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» Saturday, November 27, 2004Harbor and Heavenly Lights
Didn't go as far as we might have liked today; we all slept through the alarm. By the time we got this and that done and had breakfast (or rather brunch), it was almost noon.
We drove out Cape Cod further than I had ever been, but not to Provincetown and on the main road rather than the scenic drive, so we didn't see much on the outbound leg. We went out to Chatham Light--when you get local weather reports here, you always hear something from Chatham and I had always wanted to see it. The lighthouse itself is small and white, but the beach across the way is breathtaking on a blue-and-white day like today--the sky a pied bowl overhead, and the sand beach spread before you, lined around the edges with dormant wild rose bushes (some with rose hips) and sea grass. A flock of a dozen or so grey and white seagulls sat at the shore's edge looking like little sailor-carved and painted statues. The sea was beautiful, multiple shades of blue and greyish blue melding into each other, with little combers ruffling its surface.
We stayed on the sea wall about a half hour. Mother was cold and went back to the car, but we stood and watched a parasailer for the longest time. He was clad in a black insulated suit and had a red-white-and-blue sail that curved above the beach like a giant supple "C" shape. The wind was quite strong and the sail drew him across the water like a bird. He could barely curb it and bring it into land when a friend showed up to share the sport.
There were other couples and families there who didn't mind the sharp breeze. Little kids ran across the sand, and there were several people with dogs: a little fox terrier, a shaggy type, at least two Golden Retrievers, one who begged, straining at his leash, to be allowed loose for a run, and a beautiful Bernese Mountain Dog, who galloped across the sand with abandon.
We drove back for several miles on Route 28, which was the local road that ran through Chatham, Harwich, and Yarmouth, dotted with little restaurants and local businesses, many closed for the season (I don't think James had ever seen a Dairy Queen that was closed for the season!). Then we got back on Route 6 and made our way back home via a different route so we could go to La Salette Shrine in Attleboro, Massachusetts, for their Festival of Lights.
La Salette was founded officially in 1953 commemorating an appearance of the Virgin Mary at La Salette in France. The shrine has a church and a monastery, also a small body of water surrounded by mosaic versions of the Stations of the Cross and several other landscape features, including the Holy Stairs, a flight of stairs that, if you are hoping from an intercession from God, you go up one step at a time on your knees, saying a prayer at each step.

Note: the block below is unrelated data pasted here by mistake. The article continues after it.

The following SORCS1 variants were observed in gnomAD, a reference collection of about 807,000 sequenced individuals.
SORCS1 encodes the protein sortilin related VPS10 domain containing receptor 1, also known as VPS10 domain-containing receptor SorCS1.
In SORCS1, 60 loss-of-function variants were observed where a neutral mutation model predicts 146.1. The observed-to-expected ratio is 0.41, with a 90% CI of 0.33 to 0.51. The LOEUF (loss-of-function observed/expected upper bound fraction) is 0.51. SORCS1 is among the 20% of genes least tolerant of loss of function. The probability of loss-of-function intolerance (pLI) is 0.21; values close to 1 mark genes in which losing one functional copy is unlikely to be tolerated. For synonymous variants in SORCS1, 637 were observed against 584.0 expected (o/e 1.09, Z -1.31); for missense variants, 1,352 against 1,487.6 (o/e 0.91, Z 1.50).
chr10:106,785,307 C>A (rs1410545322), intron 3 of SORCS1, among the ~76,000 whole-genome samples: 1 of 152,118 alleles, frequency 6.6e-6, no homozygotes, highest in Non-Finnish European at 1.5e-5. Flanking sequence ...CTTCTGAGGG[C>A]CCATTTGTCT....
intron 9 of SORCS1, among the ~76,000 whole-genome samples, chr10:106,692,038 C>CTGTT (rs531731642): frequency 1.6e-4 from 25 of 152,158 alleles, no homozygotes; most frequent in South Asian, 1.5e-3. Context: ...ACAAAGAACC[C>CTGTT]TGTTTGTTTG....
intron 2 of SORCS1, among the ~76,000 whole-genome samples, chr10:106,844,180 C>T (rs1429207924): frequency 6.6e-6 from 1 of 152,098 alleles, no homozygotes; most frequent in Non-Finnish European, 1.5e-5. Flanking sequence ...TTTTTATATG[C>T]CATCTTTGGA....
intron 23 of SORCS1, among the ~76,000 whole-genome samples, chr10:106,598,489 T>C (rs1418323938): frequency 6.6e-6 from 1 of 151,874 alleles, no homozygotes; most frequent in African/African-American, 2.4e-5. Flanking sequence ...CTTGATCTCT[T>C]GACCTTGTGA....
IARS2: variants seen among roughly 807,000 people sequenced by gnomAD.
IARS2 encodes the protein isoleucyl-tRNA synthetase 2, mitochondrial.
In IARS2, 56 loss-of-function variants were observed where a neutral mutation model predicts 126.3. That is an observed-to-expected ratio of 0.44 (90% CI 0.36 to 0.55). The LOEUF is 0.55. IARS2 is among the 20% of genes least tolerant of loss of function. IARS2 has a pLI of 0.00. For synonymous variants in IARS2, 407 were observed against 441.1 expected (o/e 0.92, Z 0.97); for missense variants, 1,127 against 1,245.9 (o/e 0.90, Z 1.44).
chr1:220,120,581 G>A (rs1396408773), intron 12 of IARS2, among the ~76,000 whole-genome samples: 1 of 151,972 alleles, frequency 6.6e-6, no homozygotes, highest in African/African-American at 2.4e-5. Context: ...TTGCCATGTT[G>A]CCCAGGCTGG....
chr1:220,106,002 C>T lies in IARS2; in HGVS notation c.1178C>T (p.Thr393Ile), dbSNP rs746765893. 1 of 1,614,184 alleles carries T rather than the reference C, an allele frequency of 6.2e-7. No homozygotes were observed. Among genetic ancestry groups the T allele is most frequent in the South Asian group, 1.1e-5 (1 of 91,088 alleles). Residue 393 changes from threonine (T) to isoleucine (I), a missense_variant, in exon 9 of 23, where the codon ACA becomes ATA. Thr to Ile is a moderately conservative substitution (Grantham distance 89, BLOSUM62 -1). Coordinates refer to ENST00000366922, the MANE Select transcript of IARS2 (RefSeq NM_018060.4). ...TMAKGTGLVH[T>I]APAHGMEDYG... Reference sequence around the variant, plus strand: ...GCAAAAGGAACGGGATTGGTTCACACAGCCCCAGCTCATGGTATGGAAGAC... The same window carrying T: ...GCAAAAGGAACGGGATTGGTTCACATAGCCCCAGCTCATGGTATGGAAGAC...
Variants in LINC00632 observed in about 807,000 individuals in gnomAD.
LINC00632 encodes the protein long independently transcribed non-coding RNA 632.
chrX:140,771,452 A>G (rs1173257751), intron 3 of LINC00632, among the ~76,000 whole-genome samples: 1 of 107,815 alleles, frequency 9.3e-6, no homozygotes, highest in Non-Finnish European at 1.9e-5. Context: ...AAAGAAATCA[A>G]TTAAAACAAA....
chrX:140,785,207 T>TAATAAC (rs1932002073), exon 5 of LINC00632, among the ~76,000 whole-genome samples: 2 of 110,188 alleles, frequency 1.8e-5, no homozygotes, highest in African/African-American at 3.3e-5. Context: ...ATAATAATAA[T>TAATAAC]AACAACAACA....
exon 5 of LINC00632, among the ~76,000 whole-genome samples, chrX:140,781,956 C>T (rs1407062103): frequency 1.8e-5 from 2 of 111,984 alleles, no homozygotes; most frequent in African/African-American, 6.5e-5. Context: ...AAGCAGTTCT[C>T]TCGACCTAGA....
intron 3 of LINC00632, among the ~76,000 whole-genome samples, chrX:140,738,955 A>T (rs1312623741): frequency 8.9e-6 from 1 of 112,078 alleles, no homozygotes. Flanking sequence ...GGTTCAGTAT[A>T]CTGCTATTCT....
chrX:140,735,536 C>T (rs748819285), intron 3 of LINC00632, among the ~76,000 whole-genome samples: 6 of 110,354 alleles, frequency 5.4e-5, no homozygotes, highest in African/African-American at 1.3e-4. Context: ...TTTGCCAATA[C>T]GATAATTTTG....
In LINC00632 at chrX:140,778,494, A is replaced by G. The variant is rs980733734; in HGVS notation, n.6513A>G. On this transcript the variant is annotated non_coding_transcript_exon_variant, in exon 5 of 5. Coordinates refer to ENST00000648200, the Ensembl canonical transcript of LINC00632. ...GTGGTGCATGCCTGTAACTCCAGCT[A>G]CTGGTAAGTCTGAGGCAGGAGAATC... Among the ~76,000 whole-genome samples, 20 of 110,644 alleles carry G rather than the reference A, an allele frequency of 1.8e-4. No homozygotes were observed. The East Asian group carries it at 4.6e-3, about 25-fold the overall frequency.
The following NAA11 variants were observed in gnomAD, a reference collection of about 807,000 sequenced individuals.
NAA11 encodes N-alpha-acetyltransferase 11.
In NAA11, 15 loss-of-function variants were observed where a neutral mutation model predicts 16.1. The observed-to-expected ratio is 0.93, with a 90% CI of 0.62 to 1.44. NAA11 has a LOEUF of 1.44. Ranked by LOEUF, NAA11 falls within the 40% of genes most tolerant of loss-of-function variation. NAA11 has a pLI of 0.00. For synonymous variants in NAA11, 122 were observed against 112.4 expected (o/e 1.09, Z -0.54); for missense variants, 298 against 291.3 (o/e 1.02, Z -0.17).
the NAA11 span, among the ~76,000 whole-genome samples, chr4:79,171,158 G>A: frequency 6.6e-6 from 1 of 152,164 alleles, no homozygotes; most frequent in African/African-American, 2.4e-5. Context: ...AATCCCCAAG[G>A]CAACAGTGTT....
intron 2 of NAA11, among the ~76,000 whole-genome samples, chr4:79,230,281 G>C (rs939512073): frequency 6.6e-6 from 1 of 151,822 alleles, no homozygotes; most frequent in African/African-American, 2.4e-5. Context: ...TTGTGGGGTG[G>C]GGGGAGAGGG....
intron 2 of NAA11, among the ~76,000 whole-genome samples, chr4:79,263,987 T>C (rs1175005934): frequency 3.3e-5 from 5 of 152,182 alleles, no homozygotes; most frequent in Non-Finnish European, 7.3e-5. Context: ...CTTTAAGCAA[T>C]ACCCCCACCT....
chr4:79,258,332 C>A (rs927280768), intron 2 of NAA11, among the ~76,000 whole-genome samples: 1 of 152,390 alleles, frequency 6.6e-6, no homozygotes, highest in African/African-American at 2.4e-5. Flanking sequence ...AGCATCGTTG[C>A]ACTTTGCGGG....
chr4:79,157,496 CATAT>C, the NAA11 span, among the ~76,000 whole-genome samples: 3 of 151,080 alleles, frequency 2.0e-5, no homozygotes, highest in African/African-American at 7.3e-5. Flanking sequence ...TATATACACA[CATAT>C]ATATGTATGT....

For years at Christmastime they have always had a light display. It is now 300,000 lights strong. The water is surrounded by poinsettia-shaped lights and the Christmas alphabet done on a series of 26 boards. Near the prayer steps, there is a life-size manger scene. The rest of the grounds are covered with multicolor lights: figurals, lights wound around trees, bushes, along paths. Opening day was Thanksgiving; hundreds of people came in the pouring rain. Tonight we were lucky we got there before the lights went on: we got one of the last few parking spaces in the main lot; by the time we emerged two hours later, the auxiliary lot, the size of a parking lot on one side of a big shopping mall, was full of cars and buses--tour buses were still pulling up to the main area.
James wanders a bit bemused among this ornate display of "Catholicity" but even he enjoyed the craftsmanship of the display of Nativities from countries around the world, made of ordinary materials like wood and ceramic and also out of wool, stone, straw, burls from trees, even one in a loaf of bread ("Bethlehem," after all, means "house of bread"). The showpiece of the collection is a beautiful presepio built by one of the priests of the order, originally from the Azores. His manger scene is not only the Holy Family, Wise Men, and shepherds, but an entire town built around them, including the vintner, millers, farms, streets, people going about their jobs, produce stands, shops, trees, flowers, animals. The entire display takes up a room the size of a good-sized bedroom.
When I see things like this, I'm always certain Heaven is full of Christmas lights.
Speaking of preparations, Christmas decorating is going great guns this weekend. Thank God, Santa Claus arrives at his proper time after Thanksgiving around here, not mid-November, and though I'm sure somewhere there are already folks with Christmas lights up, we saw dozens of trees going home today on roofs of cars, and people stringing lights in their yards. It was especially pretty on Route 118 on the way to La Salette and also around the city of Taunton, which still has a beautiful town square or "green" as they were known in colonial times.